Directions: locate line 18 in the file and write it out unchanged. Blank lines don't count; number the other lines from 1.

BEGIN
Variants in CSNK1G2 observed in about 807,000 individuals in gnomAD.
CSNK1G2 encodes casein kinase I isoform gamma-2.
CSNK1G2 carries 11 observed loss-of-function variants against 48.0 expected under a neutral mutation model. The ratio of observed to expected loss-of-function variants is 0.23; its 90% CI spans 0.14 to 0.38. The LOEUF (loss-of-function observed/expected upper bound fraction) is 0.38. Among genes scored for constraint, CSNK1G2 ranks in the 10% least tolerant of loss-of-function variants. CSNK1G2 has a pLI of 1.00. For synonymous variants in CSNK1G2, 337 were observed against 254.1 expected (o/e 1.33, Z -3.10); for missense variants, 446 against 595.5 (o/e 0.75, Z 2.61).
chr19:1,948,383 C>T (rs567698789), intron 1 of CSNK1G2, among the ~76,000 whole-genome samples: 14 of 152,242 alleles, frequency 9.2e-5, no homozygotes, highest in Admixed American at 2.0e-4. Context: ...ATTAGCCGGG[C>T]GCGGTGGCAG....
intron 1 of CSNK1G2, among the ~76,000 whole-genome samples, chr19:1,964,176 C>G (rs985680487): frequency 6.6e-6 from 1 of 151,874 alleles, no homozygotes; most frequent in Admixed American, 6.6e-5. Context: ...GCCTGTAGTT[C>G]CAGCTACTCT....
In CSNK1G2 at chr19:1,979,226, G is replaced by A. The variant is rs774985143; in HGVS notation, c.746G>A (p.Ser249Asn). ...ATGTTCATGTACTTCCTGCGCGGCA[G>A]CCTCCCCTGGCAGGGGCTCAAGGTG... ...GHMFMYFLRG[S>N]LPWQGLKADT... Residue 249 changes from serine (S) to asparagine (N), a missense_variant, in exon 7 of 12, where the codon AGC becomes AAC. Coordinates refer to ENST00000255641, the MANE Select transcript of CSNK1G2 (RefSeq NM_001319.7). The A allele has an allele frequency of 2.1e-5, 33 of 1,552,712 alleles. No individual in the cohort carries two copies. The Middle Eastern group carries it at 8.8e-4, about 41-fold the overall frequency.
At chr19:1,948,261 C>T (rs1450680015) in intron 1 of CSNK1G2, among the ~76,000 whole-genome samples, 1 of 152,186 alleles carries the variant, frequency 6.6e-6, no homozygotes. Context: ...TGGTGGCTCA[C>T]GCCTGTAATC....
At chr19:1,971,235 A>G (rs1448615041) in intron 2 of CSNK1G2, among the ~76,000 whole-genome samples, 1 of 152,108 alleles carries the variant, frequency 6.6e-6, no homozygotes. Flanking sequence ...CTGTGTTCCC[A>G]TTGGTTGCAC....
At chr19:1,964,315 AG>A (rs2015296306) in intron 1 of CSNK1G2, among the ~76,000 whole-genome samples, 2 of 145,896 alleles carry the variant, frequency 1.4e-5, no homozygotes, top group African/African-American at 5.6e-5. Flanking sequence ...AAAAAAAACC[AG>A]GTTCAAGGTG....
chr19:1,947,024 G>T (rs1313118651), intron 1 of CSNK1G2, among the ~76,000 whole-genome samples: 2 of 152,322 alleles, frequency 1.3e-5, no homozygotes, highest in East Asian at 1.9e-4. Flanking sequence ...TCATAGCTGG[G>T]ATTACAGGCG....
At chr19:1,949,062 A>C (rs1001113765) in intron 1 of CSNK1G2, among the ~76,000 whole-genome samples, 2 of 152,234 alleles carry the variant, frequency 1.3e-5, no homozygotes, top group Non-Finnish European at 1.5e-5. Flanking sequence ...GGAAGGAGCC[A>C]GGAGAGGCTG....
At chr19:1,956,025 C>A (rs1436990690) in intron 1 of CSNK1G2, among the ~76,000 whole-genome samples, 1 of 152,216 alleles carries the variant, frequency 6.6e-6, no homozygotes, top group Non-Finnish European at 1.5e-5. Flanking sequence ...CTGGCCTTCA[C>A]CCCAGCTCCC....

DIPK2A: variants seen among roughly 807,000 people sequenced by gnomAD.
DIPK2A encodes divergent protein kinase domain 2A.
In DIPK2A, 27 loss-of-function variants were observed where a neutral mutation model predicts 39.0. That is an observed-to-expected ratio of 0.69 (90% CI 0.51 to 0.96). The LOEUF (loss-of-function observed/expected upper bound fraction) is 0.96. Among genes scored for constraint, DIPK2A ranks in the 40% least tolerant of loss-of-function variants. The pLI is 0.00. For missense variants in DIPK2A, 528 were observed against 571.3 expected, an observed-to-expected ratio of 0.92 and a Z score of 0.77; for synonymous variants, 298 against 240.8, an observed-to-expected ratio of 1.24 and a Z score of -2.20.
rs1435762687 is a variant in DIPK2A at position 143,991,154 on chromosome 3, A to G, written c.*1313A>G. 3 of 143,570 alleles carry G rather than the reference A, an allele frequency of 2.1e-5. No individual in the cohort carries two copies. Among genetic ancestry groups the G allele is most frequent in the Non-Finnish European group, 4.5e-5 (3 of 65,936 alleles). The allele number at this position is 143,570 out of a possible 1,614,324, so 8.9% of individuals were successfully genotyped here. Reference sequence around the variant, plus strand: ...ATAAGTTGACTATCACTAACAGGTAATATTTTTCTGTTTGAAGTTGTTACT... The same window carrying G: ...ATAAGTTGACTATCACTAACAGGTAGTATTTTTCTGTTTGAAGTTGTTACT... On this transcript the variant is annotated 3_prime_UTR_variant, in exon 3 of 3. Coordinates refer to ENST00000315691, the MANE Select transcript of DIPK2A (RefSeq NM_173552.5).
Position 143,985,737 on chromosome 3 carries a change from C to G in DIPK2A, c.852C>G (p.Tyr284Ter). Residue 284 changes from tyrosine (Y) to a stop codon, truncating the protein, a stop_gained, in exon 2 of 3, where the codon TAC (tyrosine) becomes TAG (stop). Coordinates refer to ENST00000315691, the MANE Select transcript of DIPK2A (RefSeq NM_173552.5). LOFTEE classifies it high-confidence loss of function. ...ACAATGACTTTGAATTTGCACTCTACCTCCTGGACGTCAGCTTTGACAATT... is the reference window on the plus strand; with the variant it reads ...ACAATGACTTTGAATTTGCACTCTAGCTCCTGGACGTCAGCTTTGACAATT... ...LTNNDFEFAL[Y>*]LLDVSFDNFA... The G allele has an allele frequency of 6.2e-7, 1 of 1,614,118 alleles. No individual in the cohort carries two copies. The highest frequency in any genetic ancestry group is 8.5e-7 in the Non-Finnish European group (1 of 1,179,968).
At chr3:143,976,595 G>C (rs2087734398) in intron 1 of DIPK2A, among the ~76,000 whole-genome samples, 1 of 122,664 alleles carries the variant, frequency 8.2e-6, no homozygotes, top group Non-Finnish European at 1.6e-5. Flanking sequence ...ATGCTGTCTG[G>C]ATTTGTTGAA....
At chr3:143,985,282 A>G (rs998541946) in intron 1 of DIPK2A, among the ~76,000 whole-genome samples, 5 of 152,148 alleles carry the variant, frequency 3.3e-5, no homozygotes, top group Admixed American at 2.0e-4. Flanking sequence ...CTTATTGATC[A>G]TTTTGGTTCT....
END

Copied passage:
At chr3:143,976,595 G>C (rs2087734398) in intron 1 of DIPK2A, among the ~76,000 whole-genome samples, 1 of 122,664 alleles carries the variant, frequency 8.2e-6, no homozygotes, top group Non-Finnish European at 1.6e-5. Flanking sequence ...ATGCTGTCTG[G>C]ATTTGTTGAA....